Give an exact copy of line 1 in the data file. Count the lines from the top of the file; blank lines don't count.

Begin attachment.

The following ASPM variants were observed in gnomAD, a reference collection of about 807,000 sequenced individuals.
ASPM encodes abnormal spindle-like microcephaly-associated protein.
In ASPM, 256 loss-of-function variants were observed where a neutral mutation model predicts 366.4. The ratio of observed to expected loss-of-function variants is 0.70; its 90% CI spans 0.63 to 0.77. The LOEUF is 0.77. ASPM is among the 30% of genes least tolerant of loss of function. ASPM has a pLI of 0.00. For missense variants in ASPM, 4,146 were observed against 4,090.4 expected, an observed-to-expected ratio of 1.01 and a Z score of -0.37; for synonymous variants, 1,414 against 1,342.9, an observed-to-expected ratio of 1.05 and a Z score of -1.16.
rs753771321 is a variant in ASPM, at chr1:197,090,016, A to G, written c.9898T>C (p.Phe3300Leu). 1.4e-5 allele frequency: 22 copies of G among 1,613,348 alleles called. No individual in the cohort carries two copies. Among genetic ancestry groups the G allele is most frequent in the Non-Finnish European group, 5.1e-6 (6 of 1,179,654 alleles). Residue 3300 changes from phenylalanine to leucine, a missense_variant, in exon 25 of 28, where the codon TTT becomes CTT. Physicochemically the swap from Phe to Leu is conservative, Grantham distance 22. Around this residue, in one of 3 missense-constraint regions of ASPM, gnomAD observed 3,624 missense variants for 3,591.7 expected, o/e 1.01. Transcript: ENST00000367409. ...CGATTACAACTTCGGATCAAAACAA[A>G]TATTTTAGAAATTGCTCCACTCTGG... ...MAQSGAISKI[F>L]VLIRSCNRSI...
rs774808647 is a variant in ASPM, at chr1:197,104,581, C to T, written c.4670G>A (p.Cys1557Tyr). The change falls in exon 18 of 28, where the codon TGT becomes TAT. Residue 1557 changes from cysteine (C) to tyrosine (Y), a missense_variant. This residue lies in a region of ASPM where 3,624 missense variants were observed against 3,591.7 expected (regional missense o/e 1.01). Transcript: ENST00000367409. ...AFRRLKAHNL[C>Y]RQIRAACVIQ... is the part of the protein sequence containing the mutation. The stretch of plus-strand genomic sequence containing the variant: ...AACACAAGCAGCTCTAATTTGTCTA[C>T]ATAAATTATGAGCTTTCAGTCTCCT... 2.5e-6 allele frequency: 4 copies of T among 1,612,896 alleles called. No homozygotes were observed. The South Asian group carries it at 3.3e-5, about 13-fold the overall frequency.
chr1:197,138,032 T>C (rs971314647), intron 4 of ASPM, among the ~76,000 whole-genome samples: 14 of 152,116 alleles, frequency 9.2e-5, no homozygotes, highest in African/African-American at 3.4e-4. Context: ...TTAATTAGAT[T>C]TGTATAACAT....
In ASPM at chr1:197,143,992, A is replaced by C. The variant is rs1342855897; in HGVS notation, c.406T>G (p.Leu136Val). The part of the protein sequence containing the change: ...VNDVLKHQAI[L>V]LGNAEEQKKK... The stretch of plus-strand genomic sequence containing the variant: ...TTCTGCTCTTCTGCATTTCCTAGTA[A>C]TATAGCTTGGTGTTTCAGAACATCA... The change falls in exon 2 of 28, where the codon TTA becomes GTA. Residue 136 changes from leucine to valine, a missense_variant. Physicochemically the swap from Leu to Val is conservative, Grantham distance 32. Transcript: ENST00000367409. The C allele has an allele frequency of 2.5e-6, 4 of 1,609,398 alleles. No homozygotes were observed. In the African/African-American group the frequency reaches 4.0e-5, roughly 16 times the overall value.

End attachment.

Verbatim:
The following ASPM variants were observed in gnomAD, a reference collection of about 807,000 sequenced individuals.